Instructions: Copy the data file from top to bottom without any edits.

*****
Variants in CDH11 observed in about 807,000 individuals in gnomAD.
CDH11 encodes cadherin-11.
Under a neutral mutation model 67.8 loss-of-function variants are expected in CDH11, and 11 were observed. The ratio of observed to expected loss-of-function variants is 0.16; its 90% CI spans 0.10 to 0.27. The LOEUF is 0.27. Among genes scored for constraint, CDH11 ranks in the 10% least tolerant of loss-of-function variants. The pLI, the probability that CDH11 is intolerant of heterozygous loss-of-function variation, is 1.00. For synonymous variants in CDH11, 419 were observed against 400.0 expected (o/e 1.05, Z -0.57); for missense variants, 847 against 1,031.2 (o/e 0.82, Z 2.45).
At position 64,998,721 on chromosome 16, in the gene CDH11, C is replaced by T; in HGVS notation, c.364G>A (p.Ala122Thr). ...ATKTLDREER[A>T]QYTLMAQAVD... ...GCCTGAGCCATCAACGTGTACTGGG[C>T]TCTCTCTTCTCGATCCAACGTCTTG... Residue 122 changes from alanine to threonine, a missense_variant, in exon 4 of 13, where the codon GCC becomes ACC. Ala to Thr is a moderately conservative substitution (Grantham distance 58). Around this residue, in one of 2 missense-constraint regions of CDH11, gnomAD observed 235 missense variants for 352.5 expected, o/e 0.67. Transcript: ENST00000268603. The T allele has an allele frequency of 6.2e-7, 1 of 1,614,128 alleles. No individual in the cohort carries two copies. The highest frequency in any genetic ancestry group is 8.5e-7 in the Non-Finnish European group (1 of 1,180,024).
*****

Variants in CDH11 observed in about 807,000 individuals in gnomAD.
CDH11 encodes cadherin-11.
Under a neutral mutation model 67.8 loss-of-function variants are expected in CDH11, and 11 were observed. The ratio of observed to expected loss-of-function variants is 0.16; its 90% CI spans 0.10 to 0.27. The LOEUF is 0.27. Among genes scored for constraint, CDH11 ranks in the 10% least tolerant of loss-of-function variants. The pLI, the probability that CDH11 is intolerant of heterozygous loss-of-function variation, is 1.00. For synonymous variants in CDH11, 419 were observed against 400.0 expected (o/e 1.05, Z -0.57); for missense variants, 847 against 1,031.2 (o/e 0.82, Z 2.45).
At position 64,998,721 on chromosome 16, in the gene CDH11, C is replaced by T; in HGVS notation, c.364G>A (p.Ala122Thr). ...ATKTLDREER[A>T]QYTLMAQAVD... ...GCCTGAGCCATCAACGTGTACTGGG[C>T]TCTCTCTTCTCGATCCAACGTCTTG... Residue 122 changes from alanine to threonine, a missense_variant, in exon 4 of 13, where the codon GCC becomes ACC. Ala to Thr is a moderately conservative substitution (Grantham distance 58). Around this residue, in one of 2 missense-constraint regions of CDH11, gnomAD observed 235 missense variants for 352.5 expected, o/e 0.67. Transcript: ENST00000268603. The T allele has an allele frequency of 6.2e-7, 1 of 1,614,128 alleles. No individual in the cohort carries two copies. The highest frequency in any genetic ancestry group is 8.5e-7 in the Non-Finnish European group (1 of 1,180,024).